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Hot Dog! Chestnut Defends His Title By Wolfing Down 74 Weiners

(Photo by Kena Betancur/Getty Images)

If you are what you eat, Joey Chestnut is a mix of pork and beef in dozens of eatable casings.

He is to competitive eating what Elvis Presley was to rock and roll, the Bambino of the ballpark frank. You can’t beat him, you can only hope to have a digestive track as efficient.

The Fourth of July in Coney Island, New York means only one thing – Nathan’s Hot Dog Eating Contest. It is exactly what it sounds like, men and women gathered to see who can devour more hot dogs and buns in 10 bodacious minutes of buffet.

And on Thursday, a perfect day for mustard and relish along The Boardwalk, Chestnut won his 12th championship by consuming 71 franks and buns. Amazingly, he has done better. Last year, he wolfed down his personal record of 74.

“I was going for 75, I always love to get a new record,” Chestnut told ESPN afterwards. “I came out fast and then I slowed down faster than I would’ve liked. I feel like I should have eaten a couple more.”

How great is Chestnut? His closest competitor among the field of 17 chewers was Darron Breeden of Virginia. He consumed 50. Only 50?

In case you are wondering, Chestnut gets to hold onto his mustard-yellow championship belt – provided he can still wrap it around his waist.

This contest is not limited to me. Miki Sudo won her sixth women’s title, consuming 31 in the same 10-minute timeframe.

Sudo defeated second-place winner Michelle Lesco by 4 1/2 dogs for the Pepto Bismol-pink belt. But like Chestnut, she had also done better. Her career-high is 41 dogs.

Sonya “The Black Widow” Thomas holds the women’s record of 45 hot dogs in 10 minutes.

Chestnut and Sudo both won $10,000 for their championships.

(Photo by Kena Betancur/Getty Images)

Chestnut, 35, is currently starring in “The Good, The Bad, The Hungry,” an ESPN documentary about the relationship between Chestnut and his longtime rival Takeru Kobayashi.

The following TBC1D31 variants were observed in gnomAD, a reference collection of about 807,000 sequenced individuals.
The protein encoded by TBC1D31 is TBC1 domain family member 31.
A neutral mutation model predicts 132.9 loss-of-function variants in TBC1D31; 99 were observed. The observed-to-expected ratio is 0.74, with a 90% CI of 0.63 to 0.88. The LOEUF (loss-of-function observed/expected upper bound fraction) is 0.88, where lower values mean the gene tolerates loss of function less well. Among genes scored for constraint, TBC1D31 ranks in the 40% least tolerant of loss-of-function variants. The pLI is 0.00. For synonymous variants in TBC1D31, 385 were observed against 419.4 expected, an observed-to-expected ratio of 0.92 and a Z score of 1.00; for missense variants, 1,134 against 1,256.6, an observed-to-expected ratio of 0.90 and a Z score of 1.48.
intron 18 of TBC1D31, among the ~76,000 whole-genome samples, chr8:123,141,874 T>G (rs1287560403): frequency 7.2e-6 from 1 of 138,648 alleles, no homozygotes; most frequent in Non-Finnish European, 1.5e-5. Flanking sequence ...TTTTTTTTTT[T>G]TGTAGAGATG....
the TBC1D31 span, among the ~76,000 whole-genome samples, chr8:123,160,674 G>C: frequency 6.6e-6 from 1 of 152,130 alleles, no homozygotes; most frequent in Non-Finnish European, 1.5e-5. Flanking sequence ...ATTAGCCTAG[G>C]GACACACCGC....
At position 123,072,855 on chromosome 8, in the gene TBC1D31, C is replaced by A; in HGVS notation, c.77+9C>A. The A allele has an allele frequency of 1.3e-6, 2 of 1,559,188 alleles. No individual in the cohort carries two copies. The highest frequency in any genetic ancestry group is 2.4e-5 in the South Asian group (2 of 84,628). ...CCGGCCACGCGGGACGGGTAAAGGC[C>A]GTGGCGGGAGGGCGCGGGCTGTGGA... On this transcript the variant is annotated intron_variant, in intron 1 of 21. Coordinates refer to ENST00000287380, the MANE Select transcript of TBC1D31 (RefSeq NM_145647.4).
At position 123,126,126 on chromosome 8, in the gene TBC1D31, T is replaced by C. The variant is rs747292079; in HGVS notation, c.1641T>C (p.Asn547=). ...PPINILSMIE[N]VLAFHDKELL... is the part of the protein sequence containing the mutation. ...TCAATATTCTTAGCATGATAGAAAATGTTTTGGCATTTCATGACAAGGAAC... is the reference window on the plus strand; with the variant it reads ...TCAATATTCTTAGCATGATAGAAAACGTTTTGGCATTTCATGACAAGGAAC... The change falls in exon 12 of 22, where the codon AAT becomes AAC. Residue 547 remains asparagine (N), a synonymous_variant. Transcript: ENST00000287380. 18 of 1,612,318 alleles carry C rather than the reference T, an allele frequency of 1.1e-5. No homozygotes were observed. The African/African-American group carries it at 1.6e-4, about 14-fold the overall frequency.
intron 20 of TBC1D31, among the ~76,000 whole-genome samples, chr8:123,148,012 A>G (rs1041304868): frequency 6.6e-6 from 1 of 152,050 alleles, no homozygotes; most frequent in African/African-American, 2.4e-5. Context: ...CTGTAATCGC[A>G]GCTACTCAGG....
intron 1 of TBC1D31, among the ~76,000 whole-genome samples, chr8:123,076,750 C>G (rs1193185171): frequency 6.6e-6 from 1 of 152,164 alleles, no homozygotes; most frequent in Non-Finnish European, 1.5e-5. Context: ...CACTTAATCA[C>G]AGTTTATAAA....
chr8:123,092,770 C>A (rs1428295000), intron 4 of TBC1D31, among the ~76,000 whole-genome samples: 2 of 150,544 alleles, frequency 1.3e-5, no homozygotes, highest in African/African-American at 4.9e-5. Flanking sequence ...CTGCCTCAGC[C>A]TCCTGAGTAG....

“I never thought I could eat 60. But then Kobayashi ate 54 so I knew I had to top him,” Chestnut told the Washington Post. “Right now if you asked me if I could eat 85, I’d say no. And I probably couldn’t. But if someone ate 84 tomorrow, I bet I could do it.”

In case you are wondering, there is such a thing as Major League Eating. But Kobaysashi opted out of it over a contract disagreement, so he wasn’t in New York to burp it out with the Maris to his Mantle.

“It was all the same stuff he didn’t have a problem with when he was winning,” Chestnut said. “And now he has a problem with it?”

If you think you are interested in a career in competitive eating, Chestnut will tell you the best way to train is by initially starving yourself before expanding the stomach with milk, water and protein supplements.

And when it comes to eating hot dogs, the key is soaking the buns in water to make them as pliable as they can be. It makes them gross, but easier to slide down your throat when you are in a hurry.

Chestnut came into prominence by winning his first title 2007 (66 dogs in 12 minutes). The time was lowered to 10 in 2008. That when he first TKO’d Kobayashi, the six-time defending champ.

After last year’s title, we mentioned some of his other eating accomplishments. It bears repeating because it’s just so remarkable.

Consider this:

Chestnut ate 47 grilled cheese sandwiches in 10 minutes in 2006.

Chestnut pounded 15 pounds of shrimp cocktail in 8 minutes in 2016.

Chestnut defeated 141 hard-boiled eggs, pre-shelled, in 8 minutes in 2013.

Chestnut devoured 12.8 pounds of deep-fried asparagus in 10 minutes in 2014.

Chestnut picked the meat from 13.76 pounds of ribs in 12 minutes in 2013.

Chestnut wolfed down 4 ½ pounds of steak, plus sides, in 8:52 in 2008.

Chestnut slurped 78 matzoh balls in 8 minutes in 2008.

Chestnut slipped 79 bratwursts down the hatch in 10 minutes in 2013.

Chestnut overpowered 32 quarter-pound pork roll sandwiches in 10 minutes in 2015.

And finally, Chestnut swallowed 81 4oz mutton sandwiches in 10 minutes in 2018.

Anybody hungry?